The Pan Am Building and the Shattering of the Modernist Dream
The Pan Am Building and the reaction to it signaled the end of an era. Begun when the modernist aesthetic and the architectural star system ruled architectural theory and practice, the completed building became a symbol of modernism's fall from grace. In The Pan Am Building and the Shattering of the Modernist Dream, Meredith Clausen tells the story as both history and cautionary tale—a case study of how not to plan and execute a large-scale urban project that seems especially relevant in light of the World Trade Center and the ongoing discussions over what should be built in its place.
The Pan Am Building was despised by many as soon as the plans were announced in 1958. The star power of the celebrity architects—those deans of modernism, Walter Gropius and Pietro Belluschi—overrode critics' objections. When construction was completed in 1963, it became more than an architectural question; this "mute, massive, overscaled octagonal slab," as Clausen describes it, built over Grand Central Terminal, blocked the view down Park Avenue, created deep shadows where there had been sunlight, and poured 25,000 office workers on the sidewalks each morning and evening. As Clausen tells it, the story of the building—which was undistinguished architecturally but important because of its location and its moment in history—encompasses the end of modernism's social idealism, the decline of Gropius's and Belluschi's reputations, the victory of private interests over public good, the revival of architectural criticism in the press (both Ada Louise Huxtable and Jane Jacobs emerged as prominent and influential critics), the birth of the historic preservation movement, and the changing culture and politics of New York City.
About the Author
Meredith L. Clausen is Professor of Architectural History at the University of Washington, Seattle. She is the author of Pietro Belluschi: Modern American Architect (MIT Press, 1999.)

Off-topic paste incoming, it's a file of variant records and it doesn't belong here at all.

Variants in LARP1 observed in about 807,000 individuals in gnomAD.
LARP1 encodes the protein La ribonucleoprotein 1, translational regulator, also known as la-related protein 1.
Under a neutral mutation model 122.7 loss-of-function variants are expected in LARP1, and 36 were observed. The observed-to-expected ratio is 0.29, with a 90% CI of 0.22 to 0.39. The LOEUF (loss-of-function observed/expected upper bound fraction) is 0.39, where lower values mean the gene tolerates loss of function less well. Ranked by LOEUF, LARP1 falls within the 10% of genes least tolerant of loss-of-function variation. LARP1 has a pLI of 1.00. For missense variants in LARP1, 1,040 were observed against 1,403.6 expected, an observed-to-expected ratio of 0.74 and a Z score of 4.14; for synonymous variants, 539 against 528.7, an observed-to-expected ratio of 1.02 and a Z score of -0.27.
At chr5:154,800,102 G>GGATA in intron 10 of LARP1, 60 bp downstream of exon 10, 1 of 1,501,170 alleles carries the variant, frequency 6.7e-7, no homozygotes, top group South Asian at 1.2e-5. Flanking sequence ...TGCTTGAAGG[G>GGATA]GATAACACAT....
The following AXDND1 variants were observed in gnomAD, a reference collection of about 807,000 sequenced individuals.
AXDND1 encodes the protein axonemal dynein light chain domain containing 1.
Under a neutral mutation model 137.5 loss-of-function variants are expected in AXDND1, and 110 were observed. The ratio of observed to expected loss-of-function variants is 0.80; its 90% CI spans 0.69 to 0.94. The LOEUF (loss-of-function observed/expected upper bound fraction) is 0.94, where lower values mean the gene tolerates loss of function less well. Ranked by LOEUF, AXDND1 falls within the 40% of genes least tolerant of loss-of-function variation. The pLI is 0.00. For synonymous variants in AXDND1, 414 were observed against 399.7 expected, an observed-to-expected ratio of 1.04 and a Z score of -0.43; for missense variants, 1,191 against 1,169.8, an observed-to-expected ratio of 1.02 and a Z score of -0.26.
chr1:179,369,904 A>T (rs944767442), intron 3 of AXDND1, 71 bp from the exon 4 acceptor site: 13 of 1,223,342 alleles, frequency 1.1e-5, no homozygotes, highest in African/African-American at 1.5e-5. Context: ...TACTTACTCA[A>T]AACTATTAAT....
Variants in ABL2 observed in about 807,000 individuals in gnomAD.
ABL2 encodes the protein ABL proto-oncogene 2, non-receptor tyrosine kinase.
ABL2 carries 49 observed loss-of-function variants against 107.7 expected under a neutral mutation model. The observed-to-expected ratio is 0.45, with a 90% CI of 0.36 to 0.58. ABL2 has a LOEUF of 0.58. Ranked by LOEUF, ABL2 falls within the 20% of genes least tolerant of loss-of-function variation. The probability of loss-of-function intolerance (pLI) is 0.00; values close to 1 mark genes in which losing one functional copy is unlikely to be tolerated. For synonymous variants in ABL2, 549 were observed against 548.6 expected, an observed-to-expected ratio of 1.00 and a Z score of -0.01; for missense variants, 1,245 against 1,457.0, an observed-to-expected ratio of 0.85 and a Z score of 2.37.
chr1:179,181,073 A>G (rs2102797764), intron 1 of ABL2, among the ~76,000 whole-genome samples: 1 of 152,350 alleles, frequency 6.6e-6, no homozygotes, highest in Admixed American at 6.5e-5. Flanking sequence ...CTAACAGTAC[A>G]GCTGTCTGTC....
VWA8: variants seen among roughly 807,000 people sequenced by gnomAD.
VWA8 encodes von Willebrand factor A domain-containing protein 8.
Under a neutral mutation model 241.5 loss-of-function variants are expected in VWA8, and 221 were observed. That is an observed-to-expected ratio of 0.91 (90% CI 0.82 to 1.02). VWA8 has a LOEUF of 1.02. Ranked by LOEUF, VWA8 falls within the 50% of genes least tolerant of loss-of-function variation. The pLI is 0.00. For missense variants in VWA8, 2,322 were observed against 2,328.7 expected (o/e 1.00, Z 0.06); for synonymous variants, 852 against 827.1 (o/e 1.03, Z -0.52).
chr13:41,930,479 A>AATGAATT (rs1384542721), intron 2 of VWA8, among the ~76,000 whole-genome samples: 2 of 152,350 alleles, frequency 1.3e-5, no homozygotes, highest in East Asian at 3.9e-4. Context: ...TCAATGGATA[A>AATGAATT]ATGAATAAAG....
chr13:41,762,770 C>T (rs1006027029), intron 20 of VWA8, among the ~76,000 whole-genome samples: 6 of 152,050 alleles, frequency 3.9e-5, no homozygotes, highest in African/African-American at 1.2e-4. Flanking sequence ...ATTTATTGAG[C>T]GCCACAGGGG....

"Clausen has rifled through the archives and peered behind the glass curtain of mid-century modernism to spin a gripping tale of financial and aesthetic hubris run amok.", Tom Vanderbilt, Bookforum
"Clausen's saga should be read by every New Yorker who cares about the city's future.", Julia Vitullo-Martin, New York Post
"Clausen's fascinating study focuses on yet another modernist symbol, one that is still very much with us, despite its status as first among 'the buildings New Yorkers love to hate.'"—WBUR
"From the birth and life of one of Manhattan's most detested icons, Meredith Clausen spins an engrossing tale that shows how large iconic projects in New York City all too often get built: through a complex dynamic of manipulable zoning statutes, real estate economics, and corporate image-making. This is also the story of how the extraordinary personal hubris of public officials can provoke ineffective, if voluble, interventions by municipal agencies, the popular press, and the public. If you think that the redevelopment of the World Trade Center site is at all unusual, read this book."
—Sarah Williams Goldhagen, Graduate School of Design, Harvard University
"Are you one of the millions of people who hate the Pan Am building? Read this book!"
—Christopher Gray, "Streetscapes" columnist, New York Times, and author of New York Streetscapes
Winner, Trade Illustrated Category, 2006 Association of American University Presses (AAUP) Book, Jacket, and Journal Show.